Then Alex plugged it into his laptop and saw that the esc's were all over the place. Ooooh, those old Littlebees were from different batches, with different firmware... I was so fixated on air mode being the problem I neglected to check the esc's.

Anyway...

So, properly set up it flew much better (funny how that works). It's so light that it almost feels like a Tiny Whoop in the air. If you bank and yank on a turn it would practically stop dead in its tracks. It felt like flying in angle mode, where you have to keep pushing the nose down to make it go forward. After a minute or so of acclimation it was fine, so light and responsive and easy to maneuver.

I handed it to Mike (@control.fpv) and he tore it up at speeds I couldn't imagine, and as I watched along in my goggles it was apparent that 30 degrees just wasn't enough tilt to bring out Hedwig's full potential. 

There was another problem. The Furious micro rx has just one antenna, which I ran under one of the rear arms. I didn't think I'd ever fly this little guy that far out, so I didn't think it would be an issue. But I got a few failsafe's so I added antenna tube holes to the butt.

Channels for power leads, two antenna holes, it's a feature-rich butt.

Channels for power leads, two antenna holes, it's a feature-rich butt.

Next I had to draw up a 45 degree nose. I could do a simple press fit nose at 30 degrees, but 45 degrees is too much of a turn for the camera to make in a small amount of space, and it risked ripping off the delicate wires coming out of the camera's bottom. I ended up with a drop-down style mount. It's crazy how intricate a silly little part can get, the whole thing can fit on a quarter.

235 grams of FAA-proof fury.

235 grams of FAA-proof fury.

Low stack gets the battery just above the prop line, where it balances out all the weight below the prop line. Hedwig is perfectly balanced along the z axis.

Low stack gets the battery just above the prop line, where it balances out all the weight below the prop line. Hedwig is perfectly balanced along the z axis.

The increased camera tilt really did fix the 'no inertia' problem – it's still light as hell, but at least now it's going faster, with more momentum, and it flew more like a 5" quad. I have a really wide angle camera, so it was still possible to hover and fly through branches at low speeds. Then I handed it to Mike and he really squeezed some speed out of it. This was his one and only battery on it, and you can see that he wasn't used to it for hard 180 snaps, but this should give you an idea of Hedwig's potential. Also, note that it was a really windy day, and tiny little Hedwig handled it pretty well.

And this is me flying Hedwig. There's a roll and a flip in there, I love how uneventful they are on quads that are perfectly balanced. The center of mass is simply rotating about itself, not traveling in a circle. Also, check out the attempted split s over a tree at 1:26. I chop power when I'm directly above the tree...and drop straight down towards the tree. It's a perfect illustration of how light it is, and how you have to stay on the throttle 'til you get where you want. With a 5" rig you can chop power 20 feet from the tree and have enough momentum to carry yourself up and over to the other side. Not so with Hedwig.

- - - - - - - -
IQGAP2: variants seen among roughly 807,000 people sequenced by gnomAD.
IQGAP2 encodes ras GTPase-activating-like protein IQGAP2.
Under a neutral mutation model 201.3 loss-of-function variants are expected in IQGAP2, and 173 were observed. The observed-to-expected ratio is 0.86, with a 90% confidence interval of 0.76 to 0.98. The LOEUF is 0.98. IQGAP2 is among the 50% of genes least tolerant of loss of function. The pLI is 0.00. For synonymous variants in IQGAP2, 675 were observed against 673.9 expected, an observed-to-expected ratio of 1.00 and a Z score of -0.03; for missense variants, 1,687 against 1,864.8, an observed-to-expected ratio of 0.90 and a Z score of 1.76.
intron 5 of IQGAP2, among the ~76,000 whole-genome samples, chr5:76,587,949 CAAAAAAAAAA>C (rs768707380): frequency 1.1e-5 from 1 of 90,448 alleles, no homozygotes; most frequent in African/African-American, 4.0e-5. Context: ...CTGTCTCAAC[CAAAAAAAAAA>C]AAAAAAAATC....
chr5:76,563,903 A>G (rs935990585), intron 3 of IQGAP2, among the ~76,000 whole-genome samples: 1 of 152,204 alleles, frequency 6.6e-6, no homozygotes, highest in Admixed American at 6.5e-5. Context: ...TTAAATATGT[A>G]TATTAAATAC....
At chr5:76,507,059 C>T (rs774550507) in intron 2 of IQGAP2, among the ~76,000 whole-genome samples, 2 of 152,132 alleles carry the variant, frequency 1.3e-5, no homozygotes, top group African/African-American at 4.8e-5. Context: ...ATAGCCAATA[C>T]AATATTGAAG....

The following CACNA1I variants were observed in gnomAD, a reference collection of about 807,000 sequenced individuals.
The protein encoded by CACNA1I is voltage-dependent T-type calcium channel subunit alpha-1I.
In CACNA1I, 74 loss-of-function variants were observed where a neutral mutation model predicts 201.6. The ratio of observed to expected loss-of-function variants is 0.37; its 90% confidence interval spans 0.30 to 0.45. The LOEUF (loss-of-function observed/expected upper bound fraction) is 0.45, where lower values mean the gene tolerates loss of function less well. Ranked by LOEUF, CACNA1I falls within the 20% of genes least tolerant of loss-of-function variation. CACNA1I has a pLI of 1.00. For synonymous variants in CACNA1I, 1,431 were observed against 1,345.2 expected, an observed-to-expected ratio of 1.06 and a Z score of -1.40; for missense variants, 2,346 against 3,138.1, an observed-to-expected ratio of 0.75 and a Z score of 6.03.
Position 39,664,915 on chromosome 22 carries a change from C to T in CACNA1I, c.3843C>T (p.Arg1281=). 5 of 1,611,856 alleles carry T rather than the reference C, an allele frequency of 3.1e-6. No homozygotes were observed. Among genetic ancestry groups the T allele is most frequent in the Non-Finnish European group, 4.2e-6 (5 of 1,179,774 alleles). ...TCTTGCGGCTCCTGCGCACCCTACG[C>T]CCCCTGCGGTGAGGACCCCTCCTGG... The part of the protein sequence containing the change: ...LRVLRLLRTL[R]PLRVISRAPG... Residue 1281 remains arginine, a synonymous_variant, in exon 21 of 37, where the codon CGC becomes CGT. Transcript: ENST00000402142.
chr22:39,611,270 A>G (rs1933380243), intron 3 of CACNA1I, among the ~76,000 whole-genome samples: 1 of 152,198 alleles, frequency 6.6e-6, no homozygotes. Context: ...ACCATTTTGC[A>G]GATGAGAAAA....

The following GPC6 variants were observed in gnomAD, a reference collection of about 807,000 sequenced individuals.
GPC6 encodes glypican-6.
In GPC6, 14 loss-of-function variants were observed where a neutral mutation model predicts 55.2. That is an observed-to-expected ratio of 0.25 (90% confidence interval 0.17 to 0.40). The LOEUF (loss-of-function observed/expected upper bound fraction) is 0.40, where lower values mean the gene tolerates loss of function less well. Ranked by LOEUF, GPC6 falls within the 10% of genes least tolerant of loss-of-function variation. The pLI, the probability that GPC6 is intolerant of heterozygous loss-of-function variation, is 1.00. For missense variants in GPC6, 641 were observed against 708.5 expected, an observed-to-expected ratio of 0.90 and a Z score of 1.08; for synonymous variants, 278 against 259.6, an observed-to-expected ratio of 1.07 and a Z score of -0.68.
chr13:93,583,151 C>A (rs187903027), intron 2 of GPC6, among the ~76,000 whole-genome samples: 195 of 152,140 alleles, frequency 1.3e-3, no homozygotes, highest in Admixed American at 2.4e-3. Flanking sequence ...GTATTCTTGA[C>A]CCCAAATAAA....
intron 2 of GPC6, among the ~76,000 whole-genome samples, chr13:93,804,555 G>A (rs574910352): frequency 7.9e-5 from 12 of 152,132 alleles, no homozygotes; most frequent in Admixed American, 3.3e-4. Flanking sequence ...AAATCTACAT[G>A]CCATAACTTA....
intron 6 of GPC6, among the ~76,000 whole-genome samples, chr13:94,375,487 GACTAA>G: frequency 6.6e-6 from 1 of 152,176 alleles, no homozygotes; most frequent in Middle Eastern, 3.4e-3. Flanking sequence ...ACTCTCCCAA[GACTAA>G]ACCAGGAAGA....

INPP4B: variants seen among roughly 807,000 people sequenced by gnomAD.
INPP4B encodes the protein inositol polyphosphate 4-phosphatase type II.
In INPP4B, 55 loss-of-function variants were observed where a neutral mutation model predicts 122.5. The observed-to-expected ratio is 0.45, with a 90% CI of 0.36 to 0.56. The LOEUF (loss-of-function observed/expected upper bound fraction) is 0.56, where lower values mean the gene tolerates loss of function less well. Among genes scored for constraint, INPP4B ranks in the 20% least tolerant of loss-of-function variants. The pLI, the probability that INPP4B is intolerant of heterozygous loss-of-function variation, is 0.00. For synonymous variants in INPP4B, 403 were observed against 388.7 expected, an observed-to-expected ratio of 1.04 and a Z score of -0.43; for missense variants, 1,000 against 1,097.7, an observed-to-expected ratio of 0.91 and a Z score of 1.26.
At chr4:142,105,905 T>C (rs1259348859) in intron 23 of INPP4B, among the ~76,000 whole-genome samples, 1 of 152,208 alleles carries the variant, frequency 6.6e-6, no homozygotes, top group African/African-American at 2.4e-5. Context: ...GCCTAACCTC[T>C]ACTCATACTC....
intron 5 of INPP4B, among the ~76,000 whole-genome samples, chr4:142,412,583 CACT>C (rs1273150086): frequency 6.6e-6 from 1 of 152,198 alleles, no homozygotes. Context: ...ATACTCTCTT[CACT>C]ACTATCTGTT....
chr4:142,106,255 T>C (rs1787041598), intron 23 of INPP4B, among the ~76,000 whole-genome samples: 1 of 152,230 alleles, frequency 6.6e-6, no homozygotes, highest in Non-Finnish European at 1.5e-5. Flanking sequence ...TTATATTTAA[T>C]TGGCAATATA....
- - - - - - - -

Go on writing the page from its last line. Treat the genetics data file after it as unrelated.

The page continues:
And here I am again a few days later, nothing special, just reveling in how smoothly Hedwig flies with a fresh set of props. It's so light that it really gets tossed around by propwash, so I try to keep it moving forward and execute turns smoothly without hard 180 snaps that back it into its propwash. I stayed on the power to complete the split s, but I leveled it off too early – you can stop a descent almost instantly with Hedwig.

Alex found a lot of the same things about Hedwig – that you have to stay on the throttle 'til you get where you want, that you can wait 'til the last second to pull out of a dive, etc. He built his with Furious' Innova stackable vtx, and dropped another 12 grams from his build. Since he doesn't need the space in back for a 90 degree vtx, he asked for another set of holes to make the fc more centralized, to make esc wiring cleaner. Hedwig's already too light for me, so I'm happy to leave an option for a simpler build using a 90 degree vtx.

Naming

Alex goes by 'Legacy', so this frame was called Legacy while I was working on it. At some point he made a joke about the 'angry 3 inch', which led me straight to Hedwig. Alex liked the name so much he didn't mind that it wasn't to be named after him. I mentioned the name to Pam, and her mind went to the owl from Harry Potter, which led me to...owl drag queen.